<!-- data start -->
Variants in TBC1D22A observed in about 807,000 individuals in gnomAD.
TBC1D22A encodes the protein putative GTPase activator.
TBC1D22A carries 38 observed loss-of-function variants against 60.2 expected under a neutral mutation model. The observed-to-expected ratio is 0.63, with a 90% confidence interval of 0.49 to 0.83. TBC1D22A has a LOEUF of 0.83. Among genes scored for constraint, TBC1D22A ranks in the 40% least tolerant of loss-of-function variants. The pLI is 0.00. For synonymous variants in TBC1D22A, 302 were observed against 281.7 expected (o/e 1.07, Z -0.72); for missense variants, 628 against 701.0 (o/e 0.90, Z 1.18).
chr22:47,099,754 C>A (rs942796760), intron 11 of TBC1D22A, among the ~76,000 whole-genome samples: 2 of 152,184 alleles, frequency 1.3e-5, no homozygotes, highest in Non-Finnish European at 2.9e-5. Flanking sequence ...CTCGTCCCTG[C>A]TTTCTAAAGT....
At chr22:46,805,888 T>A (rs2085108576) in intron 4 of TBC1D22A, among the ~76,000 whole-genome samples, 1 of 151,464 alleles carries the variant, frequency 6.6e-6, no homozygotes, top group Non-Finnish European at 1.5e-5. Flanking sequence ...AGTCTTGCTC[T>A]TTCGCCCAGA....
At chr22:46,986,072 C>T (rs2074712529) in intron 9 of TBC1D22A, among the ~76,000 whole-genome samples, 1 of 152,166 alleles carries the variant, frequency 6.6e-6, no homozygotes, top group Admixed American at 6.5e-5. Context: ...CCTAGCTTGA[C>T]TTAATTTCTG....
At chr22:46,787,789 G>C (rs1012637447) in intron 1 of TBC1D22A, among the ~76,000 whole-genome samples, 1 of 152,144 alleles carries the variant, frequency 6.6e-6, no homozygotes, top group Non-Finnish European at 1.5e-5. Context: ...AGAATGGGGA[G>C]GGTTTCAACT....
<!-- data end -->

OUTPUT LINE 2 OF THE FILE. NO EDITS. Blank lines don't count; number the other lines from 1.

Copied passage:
TBC1D22A encodes the protein putative GTPase activator.